Letters and Manuscripts — Volume 4 (1883 - 1886)


Ms 77, 1886

Labors in Tramelan, Switzerland


[December 1886]

For portions of this manuscript, see RH 04/05/1887.

December 24 we left Basel for Tramelan in company with Brother and Sister Ings to be present at the dedication of the first chapel built in Europe by Seventh-day Adventists. Brethren Ertzenberger and John Vuilleumier were also present on this occasion. Brother Ertzenberger was my interpreter upon the Sabbath. He also preached to the Germans. 4LtMs, Ms 77, 1886, par. 1

This small but neat house of worship was built by the family of Brother Roth. Hitherto the meetings had been held in private houses. We felt that the Lord would honor this movement made to His glory. Friends came in from Bienne and Chaux-de-Fonds. We had a profitable and solemn meeting. The Lord gave me His blessing in seeking to present to the people the necessity of cultivating respect for the place where they assembled to worship God. We had excellent meetings upon the Sabbath. 4LtMs, Ms 77, 1886, par. 2

Notice was sent in to the National Baptist church that Mrs. White would speak in the national chapel Sunday afternoon, but the minister refused to read it to his congregation because he thought Mrs. White would speak upon the Sabbath question. Nevertheless there were from two to three hundred people present, who gave the best of attention. Brother John Vuilleumier interpreted for me. 4LtMs, Ms 77, 1886, par. 3

The Lord blessed me with His Spirit as I presented before them the plan of redemption and what constituted genuine faith in Jesus Christ, the atoning Sacrifice. Faith in the Son of God goes deeper than many discern. “Dost thou believe on the Son of God?” John 9:35. This inquiry is of deep spiritual import and of the uttermost importance. It is not to admit our faith in the world’s Redeemer, but do we believe in Him as our Saviour? Have we an intelligent faith? To accept Christ as our Saviour as an article of faith is not enough. We are not to lay this knowledge aside as a memento to look at occasionally, but to believe on the Son of God as our own Saviour and bring Him into our life, practicing His virtues, the very life hid with Christ in God. To believe on Christ is to have God dwell in the soul; and the words and works and even the thoughts are brought into subjection to the Spirit of Christ. 4LtMs, Ms 77, 1886, par. 4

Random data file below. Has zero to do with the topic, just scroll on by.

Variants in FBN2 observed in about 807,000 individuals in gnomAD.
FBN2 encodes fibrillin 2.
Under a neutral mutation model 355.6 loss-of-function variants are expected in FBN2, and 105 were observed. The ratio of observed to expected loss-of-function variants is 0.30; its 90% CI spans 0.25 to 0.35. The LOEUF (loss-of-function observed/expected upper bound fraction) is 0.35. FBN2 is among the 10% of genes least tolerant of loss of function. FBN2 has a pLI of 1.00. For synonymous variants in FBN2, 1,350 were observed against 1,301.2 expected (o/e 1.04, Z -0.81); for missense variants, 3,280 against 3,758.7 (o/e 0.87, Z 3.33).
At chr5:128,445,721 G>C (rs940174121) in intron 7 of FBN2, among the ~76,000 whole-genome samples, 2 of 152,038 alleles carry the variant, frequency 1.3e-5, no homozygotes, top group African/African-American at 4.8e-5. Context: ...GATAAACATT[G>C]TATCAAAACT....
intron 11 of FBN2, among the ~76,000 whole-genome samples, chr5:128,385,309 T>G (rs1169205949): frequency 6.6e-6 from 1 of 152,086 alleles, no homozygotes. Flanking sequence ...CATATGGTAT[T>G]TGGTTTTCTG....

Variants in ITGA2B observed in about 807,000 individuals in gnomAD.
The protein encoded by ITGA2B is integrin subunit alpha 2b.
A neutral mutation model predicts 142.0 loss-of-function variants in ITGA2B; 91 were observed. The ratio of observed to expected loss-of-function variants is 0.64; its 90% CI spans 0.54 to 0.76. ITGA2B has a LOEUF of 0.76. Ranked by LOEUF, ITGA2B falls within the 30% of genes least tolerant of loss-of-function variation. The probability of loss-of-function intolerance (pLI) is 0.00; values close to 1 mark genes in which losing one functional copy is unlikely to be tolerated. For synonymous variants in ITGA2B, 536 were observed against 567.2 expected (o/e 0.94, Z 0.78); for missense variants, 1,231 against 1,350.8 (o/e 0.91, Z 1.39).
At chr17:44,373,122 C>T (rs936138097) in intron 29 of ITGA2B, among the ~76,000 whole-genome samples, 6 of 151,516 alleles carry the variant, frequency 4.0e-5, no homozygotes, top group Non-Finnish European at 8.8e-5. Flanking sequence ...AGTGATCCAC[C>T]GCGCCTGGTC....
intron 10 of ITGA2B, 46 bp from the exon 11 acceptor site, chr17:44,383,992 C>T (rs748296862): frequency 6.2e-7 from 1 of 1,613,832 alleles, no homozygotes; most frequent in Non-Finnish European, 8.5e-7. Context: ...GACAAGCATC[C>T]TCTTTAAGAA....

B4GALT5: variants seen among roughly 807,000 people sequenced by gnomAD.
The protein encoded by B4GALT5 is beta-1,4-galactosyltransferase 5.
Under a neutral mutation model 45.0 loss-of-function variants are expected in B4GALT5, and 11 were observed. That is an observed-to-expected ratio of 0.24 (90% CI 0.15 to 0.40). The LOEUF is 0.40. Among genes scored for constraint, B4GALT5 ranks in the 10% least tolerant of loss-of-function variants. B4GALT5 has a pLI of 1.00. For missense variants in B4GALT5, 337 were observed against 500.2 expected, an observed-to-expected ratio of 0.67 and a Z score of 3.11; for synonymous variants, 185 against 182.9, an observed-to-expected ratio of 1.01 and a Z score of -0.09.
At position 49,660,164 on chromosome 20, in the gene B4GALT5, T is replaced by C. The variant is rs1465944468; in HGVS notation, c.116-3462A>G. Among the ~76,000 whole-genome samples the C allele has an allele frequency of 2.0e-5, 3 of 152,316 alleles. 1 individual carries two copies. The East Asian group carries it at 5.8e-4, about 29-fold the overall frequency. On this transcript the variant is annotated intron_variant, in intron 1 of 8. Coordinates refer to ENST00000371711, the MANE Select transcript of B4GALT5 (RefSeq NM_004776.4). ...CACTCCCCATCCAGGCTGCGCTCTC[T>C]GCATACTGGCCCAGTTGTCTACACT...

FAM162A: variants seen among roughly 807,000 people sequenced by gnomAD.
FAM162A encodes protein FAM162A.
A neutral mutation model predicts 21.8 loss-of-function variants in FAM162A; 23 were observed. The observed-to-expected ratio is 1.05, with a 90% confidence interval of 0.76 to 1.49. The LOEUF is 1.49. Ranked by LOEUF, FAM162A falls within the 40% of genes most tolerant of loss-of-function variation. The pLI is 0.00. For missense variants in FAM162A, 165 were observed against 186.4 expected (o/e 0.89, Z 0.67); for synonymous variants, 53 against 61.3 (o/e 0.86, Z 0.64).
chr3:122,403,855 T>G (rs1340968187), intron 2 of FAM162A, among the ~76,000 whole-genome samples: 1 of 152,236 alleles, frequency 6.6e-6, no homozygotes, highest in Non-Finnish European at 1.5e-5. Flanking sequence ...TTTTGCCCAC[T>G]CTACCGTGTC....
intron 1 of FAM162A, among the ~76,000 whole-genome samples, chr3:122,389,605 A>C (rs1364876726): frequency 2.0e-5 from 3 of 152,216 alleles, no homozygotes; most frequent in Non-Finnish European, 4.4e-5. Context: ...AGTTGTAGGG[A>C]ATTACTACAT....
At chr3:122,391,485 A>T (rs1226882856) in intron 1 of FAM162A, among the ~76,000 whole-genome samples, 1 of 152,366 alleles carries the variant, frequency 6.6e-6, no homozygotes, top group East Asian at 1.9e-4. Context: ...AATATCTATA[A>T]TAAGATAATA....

The general expressions were, “I shall take home that which I have heard.” “I see nothing objectionable in that which we have heard today.” One man in response as to what constitutes genuine faith uttered his sentiments. When asked, “What do you think of that which we have heard?” he answered, “Oh well, it does not affect me; I am saved; I am saved.” 4LtMs, Ms 77, 1886, par. 5

The national minister expressed regret that he had not read the notice. Said he would have done so if he had known Mrs. White would speak on that subject. We left that night to return to Basel, praying that the seed sown might find lodgment in some hearts. We learned that the impression made upon the community was good. Much prejudice was removed. 4LtMs, Ms 77, 1886, par. 6

By special invitation we left Basel February 4, accompanied by Brother and Sister Ings and our interpreter Brother John Vuilleumier. Friday night we had a meeting with the church in the new chapel. Sabbath in the forenoon Elder Ings spoke to the people with much freedom, and all seemed to be deeply interested and profited. I spoke in the afternoon from Malachi 3:16-18. The Spirit of the Lord moved upon hearts. 4LtMs, Ms 77, 1886, par. 7

After the discourse we had a social meeting, and many excellent testimonies were borne. One young man had not taken any part in meetings for more than one year. He had been overcome through temptations and fallen under discouragements. He made humble confessions, with weeping, and there took a decided stand for the Lord and expressed his determination to seek to help others all in his power. His mother had not taken part in social meetings, but she bore her testimony and several others confessed and wept before the Lord. We felt that the deep movings of the Spirit of the Lord were in our midst. The Lord was at work, softening and subduing hearts. 4LtMs, Ms 77, 1886, par. 8